Isabelle Jeanson: Journalism
By Trinni Franke
Taking the path less travelled is almost never a straight line, and for Centennial College graduate Isabelle Jeanson, it has taken her all over the world.
It is a journey that began at Centennial College, with a post-graduate program in Journalism. While Centennial gave her the critical skills and confidence to go after what she really wanted, soon after graduation, she realized that she was on a different course.
"Journalism is an industry that requires constant effort to get ahead and I began to realize it wasn't exactly right for me. Centennial provided me with the hard skills I needed, but figuring out how I could use those new skills to do what I was passionate about became the next challenge."
After travelling across Europe and working part time for a few non-governmental organizations including Crossroads Canada, she discovered she had a genuine aptitude for communications and social policy.
In 2003 she began working as a Press Officer for Medicins sans Frontieres (Doctors without Borders). Her enthusiasm and energy for the role proved to her that she was in the right place.
Jeanson credits her experience and training in journalism as her ticket to being an effective press officer. Being able to wear the hat of journalist definitely helps you communicate better with PR in the field, she says. Now working as their Communications Advisor, her role has expanded from traditional press releases to include new forms of media, such as Twitter and facebook.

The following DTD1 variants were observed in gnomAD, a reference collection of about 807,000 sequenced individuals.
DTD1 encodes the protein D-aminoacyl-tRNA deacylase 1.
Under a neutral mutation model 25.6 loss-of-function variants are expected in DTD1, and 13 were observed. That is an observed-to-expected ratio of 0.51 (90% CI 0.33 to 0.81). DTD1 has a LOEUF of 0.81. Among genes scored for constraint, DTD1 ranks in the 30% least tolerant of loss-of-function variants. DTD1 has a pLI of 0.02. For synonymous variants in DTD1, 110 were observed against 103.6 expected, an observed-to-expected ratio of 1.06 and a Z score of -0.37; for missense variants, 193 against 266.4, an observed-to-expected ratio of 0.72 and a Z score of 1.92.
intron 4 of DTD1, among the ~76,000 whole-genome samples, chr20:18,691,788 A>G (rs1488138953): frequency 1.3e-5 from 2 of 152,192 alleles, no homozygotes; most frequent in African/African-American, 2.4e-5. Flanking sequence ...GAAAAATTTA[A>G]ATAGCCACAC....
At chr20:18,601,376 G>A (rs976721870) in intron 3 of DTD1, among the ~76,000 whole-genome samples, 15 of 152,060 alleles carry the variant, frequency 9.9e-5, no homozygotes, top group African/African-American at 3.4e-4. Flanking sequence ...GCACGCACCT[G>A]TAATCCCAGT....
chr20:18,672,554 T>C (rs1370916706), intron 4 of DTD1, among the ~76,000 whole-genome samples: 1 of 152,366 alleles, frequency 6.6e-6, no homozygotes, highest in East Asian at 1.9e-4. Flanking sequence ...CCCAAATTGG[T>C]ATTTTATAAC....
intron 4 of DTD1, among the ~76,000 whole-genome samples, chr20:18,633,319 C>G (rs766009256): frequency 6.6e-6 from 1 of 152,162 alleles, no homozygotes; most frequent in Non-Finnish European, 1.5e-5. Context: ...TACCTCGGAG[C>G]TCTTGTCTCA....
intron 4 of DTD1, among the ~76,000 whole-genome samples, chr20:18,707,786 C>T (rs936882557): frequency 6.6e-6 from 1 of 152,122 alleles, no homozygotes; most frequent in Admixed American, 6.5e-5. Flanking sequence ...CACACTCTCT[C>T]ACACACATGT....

"Social media is a great way of direct communication with the audience, I even have a doctor in Russia who ‘tweets' from the field," she says. Navigating the political landscape can be a challenge, but it's not one Isabelle would change.
"Sometimes when a problem in a country is so large, you can't ignore it. The challenge is to know when to give advice and when to keep quiet." Disagreement within the organization is something of which Isabelle is proud. "The debating process is what ensures accountability," she says.
And while she has lots of parting advice in terms of technical aspects of public relations and media advisory roles, ultimately the most important thing is to do something in which you believe.
"When your heart is in it, the work feels effortless. If it feels like a chore, it's probably not the right job."